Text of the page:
However, most of the popular portraits of the bridge seem to neglect details from the traditions of the Klickitat and other tribes. Murals like the one depicted above, and drawings like Jimmie James’ The Legendary “Bridge of the Gods” show the bridge as an enormous rock arch, which seems to be inspired by landmarks such as the Natural Bridges National Monument in Utah or Hudson River School landscape paintings such Thomas Cole’s Evening in Arcady (1843). These visual reconstructions of the natural bridge praise the sublimity of the landscape of the American (North)-West while neglecting the indigenous origin of ‘Bridge of the Gods’ as landmark story and spiritual place in the traditional land of the Klickitat, Wasco, Wishram, and others. The enormity of the gaping arches in these portrayals also poses the general question as to how the bridge could have dammed up the river to form a lake/inland sea. Obviously, artists may have been inspired by other representations of natural bridges, which resulted in visual mistranslations.
The story of the Bridge of the Gods also inspired pieces of fiction such as Frederic H. Balch’s Bridge of the Gods: A Romance of Indian Oregon (1890) and poems such as Samuel A. Clarke’s “Legend of the Cascades” (1874). While Balch incorporates Native oral traditions into his romanticized text in, Clarke puts various indigenous traditions in verse. Both approaches altered the indigenous texts, but also made them more accessible to the general readership. The Bridge of the Gods then has become a landmark story transculturally negotiated between indigenous memory, geological research, and American Old West romanticism. It shows how America’s pre-contact past is best reconstructed in a transcultural and polyvocal approach that combines Western sciences and indigenous knowledge.
Balch, Frederic H. Balch’s Bridge of the Gods: A Romance of Indian Oregon. Chicago: A.C. McClurg and Company, 1890.
Bunnell, Clarence Orvel. Legends of the Klickitats. A Klickitat Version of the Story of the Bridge of the Gods. Portland, OR: Metropolitan Press, 1933.
Clark, Ella E. “The Bridge of the Gods in Fact and Fancy.” Oregon Historical Quarterly 53.1 (1952), 29-38.
Clarke, Samuel A. “Legend of the Cascades.” Harper’s New Monthly Magazine 48, 285 (1874), 313-319.
Hines, Gustavus. A Voyage round the World with a History of the Oregon Mission. Buffalo: George H. Derby and Co., 1850.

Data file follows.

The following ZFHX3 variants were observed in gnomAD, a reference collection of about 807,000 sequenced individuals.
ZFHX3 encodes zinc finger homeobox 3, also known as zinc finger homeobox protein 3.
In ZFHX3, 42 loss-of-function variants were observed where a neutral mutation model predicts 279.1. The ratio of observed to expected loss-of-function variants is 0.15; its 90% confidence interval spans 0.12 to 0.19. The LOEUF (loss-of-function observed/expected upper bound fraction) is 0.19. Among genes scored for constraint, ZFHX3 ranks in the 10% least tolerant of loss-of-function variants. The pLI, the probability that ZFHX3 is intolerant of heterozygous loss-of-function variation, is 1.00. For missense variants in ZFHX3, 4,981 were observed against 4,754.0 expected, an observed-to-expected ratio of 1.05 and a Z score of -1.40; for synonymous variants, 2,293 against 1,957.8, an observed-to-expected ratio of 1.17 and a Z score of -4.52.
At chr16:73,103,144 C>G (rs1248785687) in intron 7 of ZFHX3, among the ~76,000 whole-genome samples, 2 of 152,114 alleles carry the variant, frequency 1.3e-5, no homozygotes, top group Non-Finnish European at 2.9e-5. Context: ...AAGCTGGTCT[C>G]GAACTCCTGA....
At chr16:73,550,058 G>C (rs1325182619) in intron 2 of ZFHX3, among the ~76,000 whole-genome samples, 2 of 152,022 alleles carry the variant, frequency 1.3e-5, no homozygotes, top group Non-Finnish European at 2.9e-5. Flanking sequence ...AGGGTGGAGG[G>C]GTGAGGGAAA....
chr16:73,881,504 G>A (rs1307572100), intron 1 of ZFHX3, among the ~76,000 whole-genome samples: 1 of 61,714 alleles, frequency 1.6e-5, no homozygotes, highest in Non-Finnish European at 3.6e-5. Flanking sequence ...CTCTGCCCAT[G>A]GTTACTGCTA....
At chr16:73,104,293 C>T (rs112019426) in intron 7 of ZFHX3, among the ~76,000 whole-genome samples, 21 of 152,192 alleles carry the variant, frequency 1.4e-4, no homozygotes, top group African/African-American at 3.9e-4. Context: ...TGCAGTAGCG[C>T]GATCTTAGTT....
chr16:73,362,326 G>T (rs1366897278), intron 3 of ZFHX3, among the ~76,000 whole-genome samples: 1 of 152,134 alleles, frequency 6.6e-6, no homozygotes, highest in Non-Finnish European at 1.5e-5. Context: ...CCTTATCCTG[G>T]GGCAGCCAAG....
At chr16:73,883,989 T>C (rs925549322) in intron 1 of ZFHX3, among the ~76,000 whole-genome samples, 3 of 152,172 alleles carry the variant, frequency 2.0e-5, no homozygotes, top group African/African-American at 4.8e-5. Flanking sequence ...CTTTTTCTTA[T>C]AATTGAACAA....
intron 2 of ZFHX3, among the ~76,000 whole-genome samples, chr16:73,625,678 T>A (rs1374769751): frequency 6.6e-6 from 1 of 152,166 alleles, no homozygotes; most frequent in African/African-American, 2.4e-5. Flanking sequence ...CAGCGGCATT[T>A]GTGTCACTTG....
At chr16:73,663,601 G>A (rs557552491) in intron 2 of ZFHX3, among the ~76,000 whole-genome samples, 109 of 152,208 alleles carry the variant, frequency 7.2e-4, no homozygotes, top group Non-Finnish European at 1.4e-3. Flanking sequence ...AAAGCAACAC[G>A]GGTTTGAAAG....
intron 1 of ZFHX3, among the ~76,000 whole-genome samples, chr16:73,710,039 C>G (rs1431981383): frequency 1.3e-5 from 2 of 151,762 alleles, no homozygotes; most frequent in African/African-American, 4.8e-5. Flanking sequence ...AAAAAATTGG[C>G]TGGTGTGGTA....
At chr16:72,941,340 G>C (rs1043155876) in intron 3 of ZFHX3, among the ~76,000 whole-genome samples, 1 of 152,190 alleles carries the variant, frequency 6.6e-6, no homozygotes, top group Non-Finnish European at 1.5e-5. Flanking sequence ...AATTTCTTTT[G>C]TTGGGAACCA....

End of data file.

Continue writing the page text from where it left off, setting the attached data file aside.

Lyman, William D. “Indian Myths of the Northwest.” Proceedings of the American Antiquarian Society. Vol. XXV (1915) 375-395.
McWhorter, Lucullus V. Papers, 1848-1945. Cage 55. Manuscripts, Archives, and Special Collections, Washington State University Libraries, Pullman, WA. Box 44, Folder 429. Finished Stories. 1911-1924. "Bridge of the Gods." Wasco. Narrated by An-a- whoa*: "black-bear," Sept. 1914. Notes, McW.
O'Connor, Jim E. “The Evolving Landscape of the Columbia River Gorge-Lewis and Clark and Cataclysms on the Columbia.” Oregon Historical Quarterly 105.3 (2004): 390- 421.
Pringle, Patrick T. "The Bonneville Slide". Columbia Gorge Interpretive Center Museum Explorations, Fall-Winter (2009): 2-3.
Reynolds, Nathaniel D. et al. “Age of the Bonneville Landslide and the Drowned Forest of the Columbia River, Washington, USA—From Wiggle-Match Radiocarbon Dating and Tree-Ring Analyses.” 10th Washington Hydrogeology Symposium. Hotel Murano, Tacoma, Washington. April 14-16, 2015.
Randall, Robert J. Characterization of the Red Bluff Landslide, Greater Cascade Landslide Complex, Columbia River Gorge, Washington. Diss. Portland State University, 2012.
The Journals of the Lewis and Clark Expedition. 2005. U of Nebraska Press / U of Nebraska- Lincoln Libraries-Electronic Text Center. 5 Oct. 2005 . Accessed 22 Nov. 2017.
Aguilar Sr., George W. “The Bridge of the Gods.” In When the River Ran Wild! Indian Traditions on the Mid-Columbia and the Warm Springs Reservation. Portland, OR: Oregon Historical Society, 2005. 235.
Atwell, Jim. Tahmahnaw. The Bridge of the Gods. Skamania, WA: Tahlkie Books, 1973.
Clark, Ella E. In Indian Legends of the Pacific Northwest. Berkeley: University of California Press, 1953.
Condon, Thomas. The Two Islands and What Came of Them. Portland, OR: J. K. Gill Company, 1902. Chapter 12.
Judson, Katharine B. Myths and Legends of the Pacific Northwest. 1910. Lincoln: University of Nebraska Press, 1997.
Figure 1: Krause, Stefan. “The present-day ‘Bridge of the Gods’ showing a mural of the former natural bridge bearing the same name.” 15 July 2016. JPEG. © Stefan Krause
Figure 2: James, Jimmie. The Legendary “Bridge of the Gods”. 1963, charcoal, Northwest Art Mall, Inc., Gresham, OR, 2009.
Figure 3: Cole, Thomas. Evening in Arcady. 1843, oil on canvas, Wadsworth Atheneum, Hartford, CT. WikiArt.org - Visual Art Encyclopedia. Public Domain. Accessed 22 Nov. 2017.